Tuesday, October 7, 2014

The Dressmaker

An interesting fact about the world we live in is that, for all the talk about robots replacing human labor, every item of clothing you own was made by a human being sitting at a sewing machine. In fact, you could argue that the whole idea of a robot revolution is, like most science fiction fantasies, simply a literalization of a current social fact -- in this case, the disappearance of manual workers from the social world of rich Westerners. Everyone who writes about the Star Trek future works in a building where living people empty the trash cans and scrub the toilets; but since they are never required to treat those people as human beings, they might as well be robots. In some cases I would go a step further, and say the robot revolution expresses a wish: The wish that the people whose bodies create the conditions for our existence could be dismissed from humanity once and for all.

Robot fantasies are everywhere. Much rarer is work that reveals the human hands behind the commodities. I'm a big fan of David Redmon's Mardi Gras: Made in China. Especially striking in that movie is the contrast between the way the American importer of mardis gras beads talks about the Chinese workers who produce them, and the way the factory manager in China does. In the imagination of the importer, the Chinese workers are antlike automatons, with no desire except for labor. The factory has a high fence around it, he explains, in order to keep out all the eager workers who would otherwise sneak in to join the assembly line. For the manager, on the other hand, discipline is the overriding problem. He says he only hires young women because they are more obedient, but even so they are constantly refusing to comply with his orders, distracted by friendships and love affairs, sneaking out of their dormitories. They must be punished often and harshly, he says, otherwise they won't work. The change in perspective once you pass that sign that says "No admittance except on business" is no different than 150 years ago.

I don't know of any similar tracing of the path of an ordinary piece of clothing from the shopfloor to the display racks, though there must be some. But I just read a nice piece by Roberto Saviano on the origins of one extraordinary piece of clothing, in a sweatshop in southern Italy. Here's an excerpt -- it's a bit long but worth reading.

From Gomorrah, by Roberto Saviano:

The workers, men and women, came up to toast the new contract. They faced a grueling schedule: first shift from 6 a.m. to 9 p.m., with an hour’s break to eat, second shift from 9 p.m. to 6 a.m. The women were wearing makeup and earrings, and aprons to protect their clothes from the glue, dust, and machine grease. Like Superman, who takes off his shirt and reveals his blue costume underneath, they were ready to go out to dinner as soon as they removed their aprons. The men were sloppier, in sweatshirts and work pants. ...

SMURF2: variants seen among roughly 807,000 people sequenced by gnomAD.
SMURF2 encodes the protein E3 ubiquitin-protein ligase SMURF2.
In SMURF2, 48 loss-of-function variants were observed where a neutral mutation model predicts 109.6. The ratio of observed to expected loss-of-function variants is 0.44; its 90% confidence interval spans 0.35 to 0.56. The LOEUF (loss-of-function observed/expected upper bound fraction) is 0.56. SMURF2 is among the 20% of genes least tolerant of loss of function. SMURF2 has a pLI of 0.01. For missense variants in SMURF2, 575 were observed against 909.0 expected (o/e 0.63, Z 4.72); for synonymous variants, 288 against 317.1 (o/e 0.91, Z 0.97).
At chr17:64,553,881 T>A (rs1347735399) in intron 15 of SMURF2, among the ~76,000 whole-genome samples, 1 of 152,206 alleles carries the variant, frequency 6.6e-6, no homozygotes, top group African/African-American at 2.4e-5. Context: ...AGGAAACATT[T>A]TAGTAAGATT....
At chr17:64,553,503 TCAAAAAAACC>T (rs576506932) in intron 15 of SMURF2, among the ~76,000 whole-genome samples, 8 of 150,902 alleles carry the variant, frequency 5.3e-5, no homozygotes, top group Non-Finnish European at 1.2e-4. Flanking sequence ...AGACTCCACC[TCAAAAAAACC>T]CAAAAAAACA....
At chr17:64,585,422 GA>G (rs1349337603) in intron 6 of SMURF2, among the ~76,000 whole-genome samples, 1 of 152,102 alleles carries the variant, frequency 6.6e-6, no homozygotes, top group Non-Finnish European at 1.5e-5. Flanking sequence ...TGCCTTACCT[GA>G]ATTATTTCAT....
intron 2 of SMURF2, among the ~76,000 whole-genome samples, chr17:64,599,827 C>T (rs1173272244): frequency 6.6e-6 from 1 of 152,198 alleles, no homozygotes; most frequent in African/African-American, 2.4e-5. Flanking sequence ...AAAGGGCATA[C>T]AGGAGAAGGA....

One of the winning contractor’s workers was particularly skilled: Pasquale. A lanky figure, tall, slim, and a bit hunchbacked; his frame curved behind his neck onto his shoulders, a bit like a hook. The stylists sent designs directly to him, articles intended for his hands only. His salary didn’t fluctuate, but his tasks varied, and he some how conveyed an air of satisfaction. I liked him immediately, the moment I caught sight of his big nose. Even though he was still young, Pasquale had the face of an old man. A face that was constantly buried in fabric, fingertips that ran along seams. Pasquale was one of the only workers who could buy fabric direct. Some brandname houses even trusted him to order materials directly from China and inspect the quality himself. ...

Pasquale and I became close. He was like a prophet when he spoke about fabric and was overly fastidious in clothing stores; it was impossible even to go for a stroll with him because he’d plant himself in front of every shop window and criticize the cut of a jacket or feel ashamed for the tailor who’d designed such a skirt. He could predict the longevity of a particular style of pants, jacket, or dress, and the exact number of washings before the fabric would start to sag. Pasquale initiated me into the complicated world of textiles. I even started going to his home. His family—his wife and three children—made me happy. They were always busy without ever being frenetic.